Justine Gubar: We see cases of parents acting violently or misbehaving at their kids' sporting events
When parents equate their self-worth with their child's athletic success, it's a recipe for aggression
Editor’s Note: Justine Gubar is author of the book, “Fanaticus: Mischief and Madness in the Modern Sports Fan” (Rowman & Littlefield). She is also a four-time Emmy award-winning journalist and producer at ESPN. The opinions expressed in this commentary are solely those of the author.
When Sam Alberts showed up at his 9-year-old daughter’s soccer games some years ago, the coach would hand out flavorful lollipops to keep him and all the other parents quiet. While a handful of parents sucked on the candy, their kids were able to concentrate on the games.
Today, loud moms and dads at youth sports events are more often the norm rather than the exception. Shouting matches as well as brawls have even forced some leagues to ban parents from the sidelines altogether.
If you ask parents, children and coaches, more than 80% say they’ve witnessed parents acting violently – getting hauled off to jail for hitting their kids, attacking coaches and issuing death threats. In one notorious case of rink rage in Massachusetts, a hockey dad beat another to death.
When parents lack sportsmanship on the sidelines, they teach their children to follow in their footsteps. Parents are raising the next generation of sports fans in their own shadow, and it isn’t pretty. After all, sports activities after school are meant to be recreational pursuits and not national competitions.
Psychologist Daniel Wann, author of “The Psychology and Social Impact of Spectators,” says that when parents place so much of their identity into the athletic achievement of their kids, it’s a recipe for aggression.
“It’s bad when two fans fight. It’s awful when a parent smacks the kid because the kid missed a ground ball.”
According to Wann, when parents equate their own self-worth with their child’s accomplishments, the intense identification can predict violent behavior. This deep psychological connection is what leads to hyped-up parents who are primed to lose their sense of boundaries and act out in ugly ways.
Part of the intensity and pressure comes from the misguided parental notion that one’s child is so talented that he or she will bring home a college scholarship and ascend to a professional career in sports. This is known as “Jackpot Theory.” But in reality, statistics from the National Collegiate Athletic Association show only about 2% of high school athletes get scholarships. Less than 1% make it to the pros.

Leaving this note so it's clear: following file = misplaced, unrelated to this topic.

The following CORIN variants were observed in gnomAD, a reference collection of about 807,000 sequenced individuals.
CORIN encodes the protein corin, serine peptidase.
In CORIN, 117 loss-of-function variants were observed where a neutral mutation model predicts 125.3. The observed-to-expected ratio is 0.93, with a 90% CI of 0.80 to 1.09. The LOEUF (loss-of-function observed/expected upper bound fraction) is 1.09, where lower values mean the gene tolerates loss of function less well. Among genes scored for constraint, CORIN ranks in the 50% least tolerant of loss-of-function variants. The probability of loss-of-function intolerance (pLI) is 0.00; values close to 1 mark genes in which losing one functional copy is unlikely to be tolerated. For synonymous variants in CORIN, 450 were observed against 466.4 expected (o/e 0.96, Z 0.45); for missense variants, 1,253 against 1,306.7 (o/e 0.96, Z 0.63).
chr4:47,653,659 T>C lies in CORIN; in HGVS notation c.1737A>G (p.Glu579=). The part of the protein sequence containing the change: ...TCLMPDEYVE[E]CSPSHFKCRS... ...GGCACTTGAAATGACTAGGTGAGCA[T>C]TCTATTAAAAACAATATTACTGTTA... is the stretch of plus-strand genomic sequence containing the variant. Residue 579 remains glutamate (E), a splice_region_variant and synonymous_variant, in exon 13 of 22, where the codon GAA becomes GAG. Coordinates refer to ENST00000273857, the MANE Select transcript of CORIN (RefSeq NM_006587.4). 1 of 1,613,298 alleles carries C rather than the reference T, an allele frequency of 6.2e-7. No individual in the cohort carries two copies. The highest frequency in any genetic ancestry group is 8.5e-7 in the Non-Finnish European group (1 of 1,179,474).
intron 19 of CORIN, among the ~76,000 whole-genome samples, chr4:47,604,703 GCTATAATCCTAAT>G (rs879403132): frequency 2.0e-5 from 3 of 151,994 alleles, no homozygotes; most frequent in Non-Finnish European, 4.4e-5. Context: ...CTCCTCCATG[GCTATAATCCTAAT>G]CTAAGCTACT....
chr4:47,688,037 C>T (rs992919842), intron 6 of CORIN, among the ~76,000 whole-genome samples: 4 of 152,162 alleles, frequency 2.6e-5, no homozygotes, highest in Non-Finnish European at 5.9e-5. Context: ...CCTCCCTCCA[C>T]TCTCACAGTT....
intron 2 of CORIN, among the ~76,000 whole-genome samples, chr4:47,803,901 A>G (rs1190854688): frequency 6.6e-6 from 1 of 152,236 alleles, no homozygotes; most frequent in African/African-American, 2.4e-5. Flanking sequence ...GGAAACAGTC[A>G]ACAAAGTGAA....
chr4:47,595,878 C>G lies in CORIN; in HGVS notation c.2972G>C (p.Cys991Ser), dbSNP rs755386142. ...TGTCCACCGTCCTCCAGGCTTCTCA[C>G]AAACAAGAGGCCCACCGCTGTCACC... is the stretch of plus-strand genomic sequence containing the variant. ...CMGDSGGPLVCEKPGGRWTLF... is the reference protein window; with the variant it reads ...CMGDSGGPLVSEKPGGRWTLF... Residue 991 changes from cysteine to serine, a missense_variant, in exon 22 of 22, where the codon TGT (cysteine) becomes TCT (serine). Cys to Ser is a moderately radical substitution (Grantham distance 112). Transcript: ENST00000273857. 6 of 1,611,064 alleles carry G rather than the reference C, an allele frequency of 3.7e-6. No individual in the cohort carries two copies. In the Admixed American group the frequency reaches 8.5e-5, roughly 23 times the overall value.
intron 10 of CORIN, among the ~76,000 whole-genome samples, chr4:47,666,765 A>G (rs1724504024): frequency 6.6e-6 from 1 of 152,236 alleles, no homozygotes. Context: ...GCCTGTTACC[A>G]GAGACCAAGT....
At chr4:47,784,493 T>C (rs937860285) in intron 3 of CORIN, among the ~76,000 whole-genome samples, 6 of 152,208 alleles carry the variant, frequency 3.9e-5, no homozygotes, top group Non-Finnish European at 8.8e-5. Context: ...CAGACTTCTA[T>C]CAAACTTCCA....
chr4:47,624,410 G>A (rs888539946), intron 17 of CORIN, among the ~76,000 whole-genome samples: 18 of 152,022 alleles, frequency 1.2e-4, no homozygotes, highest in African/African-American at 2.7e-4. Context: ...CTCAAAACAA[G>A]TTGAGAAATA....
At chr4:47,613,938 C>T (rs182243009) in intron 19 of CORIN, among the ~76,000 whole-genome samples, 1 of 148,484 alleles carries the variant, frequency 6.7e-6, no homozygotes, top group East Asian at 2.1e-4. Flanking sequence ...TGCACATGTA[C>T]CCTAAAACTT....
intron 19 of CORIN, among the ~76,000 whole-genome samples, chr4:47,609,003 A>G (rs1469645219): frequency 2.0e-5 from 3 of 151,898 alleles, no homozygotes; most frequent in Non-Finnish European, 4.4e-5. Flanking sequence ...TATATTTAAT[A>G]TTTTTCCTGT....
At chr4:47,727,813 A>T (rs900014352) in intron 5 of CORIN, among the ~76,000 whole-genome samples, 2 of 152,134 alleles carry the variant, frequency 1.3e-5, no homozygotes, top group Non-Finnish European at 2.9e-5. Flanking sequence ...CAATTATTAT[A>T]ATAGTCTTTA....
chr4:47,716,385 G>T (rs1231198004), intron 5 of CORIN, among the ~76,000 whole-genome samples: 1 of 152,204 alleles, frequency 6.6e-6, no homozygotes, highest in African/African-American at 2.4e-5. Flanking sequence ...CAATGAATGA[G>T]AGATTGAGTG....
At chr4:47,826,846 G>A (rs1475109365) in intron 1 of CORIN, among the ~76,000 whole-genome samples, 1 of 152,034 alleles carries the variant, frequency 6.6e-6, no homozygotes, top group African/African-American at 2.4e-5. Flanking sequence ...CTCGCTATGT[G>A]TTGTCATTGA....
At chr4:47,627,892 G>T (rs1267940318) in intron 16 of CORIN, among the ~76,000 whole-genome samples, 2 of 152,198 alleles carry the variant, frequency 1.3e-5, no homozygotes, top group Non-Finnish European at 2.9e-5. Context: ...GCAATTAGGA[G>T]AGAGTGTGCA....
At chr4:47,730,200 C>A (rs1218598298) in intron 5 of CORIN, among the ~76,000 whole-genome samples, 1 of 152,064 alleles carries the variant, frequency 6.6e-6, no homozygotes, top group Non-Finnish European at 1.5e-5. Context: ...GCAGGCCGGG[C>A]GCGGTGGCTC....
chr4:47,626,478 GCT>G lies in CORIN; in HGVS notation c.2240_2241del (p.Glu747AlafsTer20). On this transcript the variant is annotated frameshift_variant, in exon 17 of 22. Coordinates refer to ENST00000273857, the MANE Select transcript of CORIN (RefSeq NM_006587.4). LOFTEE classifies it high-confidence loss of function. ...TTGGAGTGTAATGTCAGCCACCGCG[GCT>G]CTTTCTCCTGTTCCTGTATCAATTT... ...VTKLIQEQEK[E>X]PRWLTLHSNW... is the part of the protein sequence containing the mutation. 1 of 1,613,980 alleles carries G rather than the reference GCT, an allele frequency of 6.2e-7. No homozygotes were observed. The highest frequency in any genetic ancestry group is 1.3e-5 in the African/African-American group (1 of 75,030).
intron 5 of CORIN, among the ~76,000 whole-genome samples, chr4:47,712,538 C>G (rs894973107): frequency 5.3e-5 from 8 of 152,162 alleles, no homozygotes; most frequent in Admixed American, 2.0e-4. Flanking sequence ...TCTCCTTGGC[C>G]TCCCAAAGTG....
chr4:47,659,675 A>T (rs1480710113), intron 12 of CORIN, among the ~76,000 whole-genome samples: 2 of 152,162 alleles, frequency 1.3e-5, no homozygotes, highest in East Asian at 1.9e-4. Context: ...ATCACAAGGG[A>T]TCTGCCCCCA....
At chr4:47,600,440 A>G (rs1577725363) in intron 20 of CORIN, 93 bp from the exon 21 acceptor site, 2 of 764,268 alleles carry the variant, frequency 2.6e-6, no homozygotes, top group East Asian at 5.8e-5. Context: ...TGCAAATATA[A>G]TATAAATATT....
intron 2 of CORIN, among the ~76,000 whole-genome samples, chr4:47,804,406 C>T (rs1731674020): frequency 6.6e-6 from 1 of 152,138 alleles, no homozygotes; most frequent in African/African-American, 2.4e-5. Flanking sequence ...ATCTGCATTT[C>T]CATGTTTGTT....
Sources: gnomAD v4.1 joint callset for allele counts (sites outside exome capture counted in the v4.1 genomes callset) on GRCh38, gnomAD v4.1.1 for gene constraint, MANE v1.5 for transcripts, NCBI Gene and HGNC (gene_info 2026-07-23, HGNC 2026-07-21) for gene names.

Let’s face it, most likely your kid isn’t growing up to become the next LeBron James. But if you’re not careful, you might be raising him or her to become a hooligan.
Where do we think bad behavior – brawling drunks at NFL games, college students rioting after a championship or soccer aficionados who chant rape threats at a TV reporter – comes from?
If the sports world wants upstanding fans at their ballparks, arenas and stadiums, their best shot is to encourage better behavior in youth sports.
Most efforts to control fans now are punitive, such as kicking them out of stadiums, yanking season tickets or calling local law enforcement. We’d all be better served if those actions came in conjunction with a broad message.
“You can’t tell the NFL to quit selling beer,” said Wann. “You can’t tell the Lakers you should get your fans to care less, but you can tell youth sports parents to back off,” he adds. And that would be a win-win for all sports participants.
To make big changes, you’ve got to think big.
Why can’t the pros use their cultural currency and financial clout to promote a comprehensive public health campaign that speaks to inclusion, civility and good sportsmanship in youth sports?
Some progress on this front has already begun.
The National Alliance of Youth Sports asks parents to formally pledge they will be well-behaved. San Francisco Giants fan Bryan Stow, who was beaten within inches of his life at a baseball game, has started to speak out in schools about bullying. The newly minted NBA champion Golden State Warriors recently participated in a public service announcement dedicated to eradicating hate and bigotry and building safe communities. Advocacy organizations such as Athlete Ally and You Can Play help educate the sports world on gay rights and diversity.
But what if professional sports teams, leagues, broadcasters, even the government (note that President Obama likes to weigh in on most issues in sports) got in front of these campaigns and partnered at a national and local level to leverage cultural capital and engage communities?
How about drafting Derek Jeter to be the inaugural national sportsmanship czar for starters? Yes, Derek Jeter. Why not? The recently retired Yankee probably has time on his hands, and parents and kids would listen to what he had to say, even if they were from Boston.
What if every arena, ballpark and sports broadcast agrees to run coordinated messages of civility from top players and celebrities?
The sports world knows how to market sneakers, package athletes as heroes and make must-see TV. Let’s turn this know-how toward the playing fields to set a better example for our kids and the entire sports world.